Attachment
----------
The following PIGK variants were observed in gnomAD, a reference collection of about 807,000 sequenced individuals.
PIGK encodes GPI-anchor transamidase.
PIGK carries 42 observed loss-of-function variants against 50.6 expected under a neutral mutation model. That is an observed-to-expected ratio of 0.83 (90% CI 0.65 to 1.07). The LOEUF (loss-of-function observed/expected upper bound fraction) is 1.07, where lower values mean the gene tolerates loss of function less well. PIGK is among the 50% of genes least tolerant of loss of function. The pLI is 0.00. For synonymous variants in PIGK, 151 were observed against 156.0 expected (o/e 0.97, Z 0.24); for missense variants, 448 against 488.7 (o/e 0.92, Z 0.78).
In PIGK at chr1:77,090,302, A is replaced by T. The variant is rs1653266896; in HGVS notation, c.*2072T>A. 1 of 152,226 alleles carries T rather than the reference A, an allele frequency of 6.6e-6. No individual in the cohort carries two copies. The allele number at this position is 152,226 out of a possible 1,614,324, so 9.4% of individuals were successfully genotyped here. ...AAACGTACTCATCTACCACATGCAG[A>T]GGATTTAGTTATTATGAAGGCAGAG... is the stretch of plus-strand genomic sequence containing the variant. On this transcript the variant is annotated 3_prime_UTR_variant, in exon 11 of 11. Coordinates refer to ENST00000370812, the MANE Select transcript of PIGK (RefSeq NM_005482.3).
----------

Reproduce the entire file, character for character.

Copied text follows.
The following PIGK variants were observed in gnomAD, a reference collection of about 807,000 sequenced individuals.
PIGK encodes GPI-anchor transamidase.
PIGK carries 42 observed loss-of-function variants against 50.6 expected under a neutral mutation model. That is an observed-to-expected ratio of 0.83 (90% CI 0.65 to 1.07). The LOEUF (loss-of-function observed/expected upper bound fraction) is 1.07, where lower values mean the gene tolerates loss of function less well. PIGK is among the 50% of genes least tolerant of loss of function. The pLI is 0.00. For synonymous variants in PIGK, 151 were observed against 156.0 expected (o/e 0.97, Z 0.24); for missense variants, 448 against 488.7 (o/e 0.92, Z 0.78).
In PIGK at chr1:77,090,302, A is replaced by T. The variant is rs1653266896; in HGVS notation, c.*2072T>A. 1 of 152,226 alleles carries T rather than the reference A, an allele frequency of 6.6e-6. No individual in the cohort carries two copies. The allele number at this position is 152,226 out of a possible 1,614,324, so 9.4% of individuals were successfully genotyped here. ...AAACGTACTCATCTACCACATGCAG[A>T]GGATTTAGTTATTATGAAGGCAGAG... is the stretch of plus-strand genomic sequence containing the variant. On this transcript the variant is annotated 3_prime_UTR_variant, in exon 11 of 11. Coordinates refer to ENST00000370812, the MANE Select transcript of PIGK (RefSeq NM_005482.3).